To the west, Ankara wants to exploit its position to gain leverage with the world's second-biggest energy consumer, the European Union, whose membership Turkey seeks. Looking east and south, Turkey strives to expand its influence in countries that supply the oil and gas Europe needs, especially Central Asia.
With nearly three-quarters of the world's oil and gas reserves located immediately to the east and south of it, and the world's biggest energy importer, the European Union, to the west, Turkey is ideally placed to become a crucial energy bridge.
At a conference this week in Istanbul, Turkish officials explained how Ankara is now working to develop this advantage with an eye on becoming Europe's fourth main gateway for energy imports, alongside Russia, Norway, and Algeria. Apart from economic gain, Ankara also seeks leverage in its faltering accession talks with the EU and wants to expand its influence in Central Asia and other energy-producing regions in its neighborhood.
But Turkey has its work cut out for it. Two large EU member states, France and Germany, would prefer Turkey to stop short of full membership. They are also wary of antagonizing Russia, the EU's biggest energy supplier. Both sides may overestimate their strength.
EU Enlargement Commissioner Olli Rehn likes to say that while "the EU underestimates Turkey's strategic importance, Turkey overestimates it."
Ankara's transit ambitions depend on the EU's collaboration. To be able to use Turkey's transit capacity, the EU will need to develop pipeline projects such as Nabucco, connecting its biggest southern gas hub in Austria with Turkey. Equally, Turkey needs EU backing to tap into the lucrative energy markets in Central Asia.
The EU used the Istanbul conference to offer Turkey reassurances. Georg Boomgaarden, secretary of state at the German Foreign Ministry, told his Turkish hosts the EU is keen to begin importing into Central Asian and Middle Eastern gas via Turkey.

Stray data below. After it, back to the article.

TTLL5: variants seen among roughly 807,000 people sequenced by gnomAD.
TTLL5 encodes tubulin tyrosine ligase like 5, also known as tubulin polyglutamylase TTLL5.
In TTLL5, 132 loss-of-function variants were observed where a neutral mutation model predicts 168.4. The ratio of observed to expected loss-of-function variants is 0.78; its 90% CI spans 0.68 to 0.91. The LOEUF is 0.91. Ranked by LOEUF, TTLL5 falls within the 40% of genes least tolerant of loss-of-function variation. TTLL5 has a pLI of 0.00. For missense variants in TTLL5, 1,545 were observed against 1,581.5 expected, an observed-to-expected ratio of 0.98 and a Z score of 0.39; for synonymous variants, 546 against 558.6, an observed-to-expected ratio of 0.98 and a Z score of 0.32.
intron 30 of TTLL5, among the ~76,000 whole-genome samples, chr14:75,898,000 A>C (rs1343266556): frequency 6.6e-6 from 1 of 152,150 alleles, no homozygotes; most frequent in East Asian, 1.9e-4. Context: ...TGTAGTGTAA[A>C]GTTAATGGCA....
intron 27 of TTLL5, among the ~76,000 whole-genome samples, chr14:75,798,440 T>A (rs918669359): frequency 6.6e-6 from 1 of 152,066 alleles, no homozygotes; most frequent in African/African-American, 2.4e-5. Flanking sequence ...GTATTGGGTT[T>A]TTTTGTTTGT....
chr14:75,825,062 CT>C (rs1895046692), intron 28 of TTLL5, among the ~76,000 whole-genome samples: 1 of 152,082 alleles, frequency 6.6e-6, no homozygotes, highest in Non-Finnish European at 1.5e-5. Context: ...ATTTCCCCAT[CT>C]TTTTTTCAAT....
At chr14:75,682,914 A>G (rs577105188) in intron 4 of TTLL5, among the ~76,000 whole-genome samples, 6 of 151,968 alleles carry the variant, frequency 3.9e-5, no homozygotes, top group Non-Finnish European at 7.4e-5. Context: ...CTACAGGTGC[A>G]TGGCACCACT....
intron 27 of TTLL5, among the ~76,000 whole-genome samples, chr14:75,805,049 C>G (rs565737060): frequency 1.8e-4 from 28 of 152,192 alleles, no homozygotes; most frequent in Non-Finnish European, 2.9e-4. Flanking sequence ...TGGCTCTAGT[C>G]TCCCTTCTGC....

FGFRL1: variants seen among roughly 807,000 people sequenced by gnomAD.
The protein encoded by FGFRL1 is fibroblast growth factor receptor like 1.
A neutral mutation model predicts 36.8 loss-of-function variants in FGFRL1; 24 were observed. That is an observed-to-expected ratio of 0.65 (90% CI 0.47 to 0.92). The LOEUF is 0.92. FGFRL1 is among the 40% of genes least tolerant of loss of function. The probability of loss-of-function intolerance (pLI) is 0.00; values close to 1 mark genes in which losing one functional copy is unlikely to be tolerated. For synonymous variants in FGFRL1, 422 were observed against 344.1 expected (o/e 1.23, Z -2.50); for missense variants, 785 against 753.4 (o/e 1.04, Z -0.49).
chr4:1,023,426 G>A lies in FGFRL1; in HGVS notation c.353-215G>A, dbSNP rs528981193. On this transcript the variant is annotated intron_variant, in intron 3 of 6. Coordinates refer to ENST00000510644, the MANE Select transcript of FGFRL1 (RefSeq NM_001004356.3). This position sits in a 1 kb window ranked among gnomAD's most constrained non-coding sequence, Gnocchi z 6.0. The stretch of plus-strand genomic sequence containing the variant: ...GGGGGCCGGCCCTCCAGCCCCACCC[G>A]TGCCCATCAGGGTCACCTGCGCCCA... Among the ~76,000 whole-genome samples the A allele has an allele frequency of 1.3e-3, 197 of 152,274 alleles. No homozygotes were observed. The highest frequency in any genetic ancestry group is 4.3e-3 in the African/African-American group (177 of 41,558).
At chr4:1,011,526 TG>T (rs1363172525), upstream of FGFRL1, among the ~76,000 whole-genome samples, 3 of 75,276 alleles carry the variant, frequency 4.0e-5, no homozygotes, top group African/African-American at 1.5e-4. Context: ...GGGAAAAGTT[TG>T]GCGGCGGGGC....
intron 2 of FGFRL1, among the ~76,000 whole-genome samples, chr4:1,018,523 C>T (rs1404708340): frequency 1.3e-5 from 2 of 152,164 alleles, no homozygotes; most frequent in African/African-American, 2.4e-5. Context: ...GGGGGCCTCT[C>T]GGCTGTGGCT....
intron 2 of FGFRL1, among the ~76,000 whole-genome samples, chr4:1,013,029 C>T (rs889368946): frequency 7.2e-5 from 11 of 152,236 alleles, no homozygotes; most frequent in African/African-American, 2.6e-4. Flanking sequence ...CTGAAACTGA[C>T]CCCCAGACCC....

"We hope that the [Baku-Tbilisi-Erzurum] pipeline will begin operations soon," Boomgaarden said. "Other major, new projects are the Nabucco pipeline via Bulgaria, Romania, and Hungary to Austria; and the southern European 'gas ring' via Greece to Italy. All these projects should be continued with vigor in spite of the numerous legal and economic challenges."
Yet the companies involved in planning for the more than 3,000-kilometer Nabucco pipeline say they do not expect an EU go-ahead before the end of the year. The bloc's resolve has been undermined by Russia's Gazprom's plans to construct a rival pipeline.
Nabucco, together with the southern European "gas ring" could supply nearly 10 percent of the EU's gas imports in 2020. Yet again, Gazprom appears keen to thwart that prospect.
Russia Watching Closely
Russia wants to supply as much of the gas flowing to Europe as possible. To this end, President Vladimir Putin last month clinched deals with Kazakhstan and Turkmenistan, Central Asia's main energy exporters, apparently securing for Russia transit rights for their gas.
For it's part, Turkey is vitally interested in the construction of a pipeline under the Caspian Sea to funnel Kazakh and Turkmen gas via Azerbaijan and Georgia to Turkey. Turkey currently draws 60 percent of its gas imports from Azerbaijan, but Central Asia holds vastly superior reserves. Much of Azeri gas is currently used by Georgia, which has been cut off by Russia. A pricing dispute between Turkey and Azerbaijan also complicates matters.
Again, the EU made encouraging noises in Istanbul. The bloc's energy commissioner, Andris Piebalgs, said the EU, too, wants a trans-Caspian pipeline.
"The trans-Caspian natural gas connection is our common next step," Piebalgs said. "Turkey and the European Union must emphasise [a] strong willingness to realize this project and coordinate our efforts."